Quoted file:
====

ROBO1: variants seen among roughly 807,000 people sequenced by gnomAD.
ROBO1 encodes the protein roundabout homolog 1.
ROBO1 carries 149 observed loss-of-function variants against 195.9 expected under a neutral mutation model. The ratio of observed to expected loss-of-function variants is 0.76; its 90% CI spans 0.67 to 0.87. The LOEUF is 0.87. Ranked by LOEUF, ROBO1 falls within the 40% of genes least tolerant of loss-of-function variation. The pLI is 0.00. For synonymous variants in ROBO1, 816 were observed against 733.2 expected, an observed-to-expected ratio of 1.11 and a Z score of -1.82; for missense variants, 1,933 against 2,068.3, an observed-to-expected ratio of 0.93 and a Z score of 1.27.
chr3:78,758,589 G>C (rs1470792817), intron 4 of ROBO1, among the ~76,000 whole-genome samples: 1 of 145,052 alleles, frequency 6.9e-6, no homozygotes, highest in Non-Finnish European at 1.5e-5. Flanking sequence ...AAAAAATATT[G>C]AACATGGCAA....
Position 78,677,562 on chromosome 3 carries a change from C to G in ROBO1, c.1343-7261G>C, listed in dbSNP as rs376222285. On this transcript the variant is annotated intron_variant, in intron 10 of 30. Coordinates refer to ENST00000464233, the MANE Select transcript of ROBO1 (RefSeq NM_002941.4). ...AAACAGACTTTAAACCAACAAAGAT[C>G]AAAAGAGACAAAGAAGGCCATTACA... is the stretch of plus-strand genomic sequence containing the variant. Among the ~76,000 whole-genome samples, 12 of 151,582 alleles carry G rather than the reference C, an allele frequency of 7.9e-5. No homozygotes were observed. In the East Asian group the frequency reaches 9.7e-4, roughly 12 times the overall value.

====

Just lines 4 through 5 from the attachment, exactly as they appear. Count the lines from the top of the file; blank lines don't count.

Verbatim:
chr3:78,758,589 G>C (rs1470792817), intron 4 of ROBO1, among the ~76,000 whole-genome samples: 1 of 145,052 alleles, frequency 6.9e-6, no homozygotes, highest in Non-Finnish European at 1.5e-5. Flanking sequence ...AAAAAATATT[G>C]AACATGGCAA....
Position 78,677,562 on chromosome 3 carries a change from C to G in ROBO1, c.1343-7261G>C, listed in dbSNP as rs376222285. On this transcript the variant is annotated intron_variant, in intron 10 of 30. Coordinates refer to ENST00000464233, the MANE Select transcript of ROBO1 (RefSeq NM_002941.4). ...AAACAGACTTTAAACCAACAAAGAT[C>G]AAAAGAGACAAAGAAGGCCATTACA... is the stretch of plus-strand genomic sequence containing the variant. Among the ~76,000 whole-genome samples, 12 of 151,582 alleles carry G rather than the reference C, an allele frequency of 7.9e-5. No homozygotes were observed. In the East Asian group the frequency reaches 9.7e-4, roughly 12 times the overall value.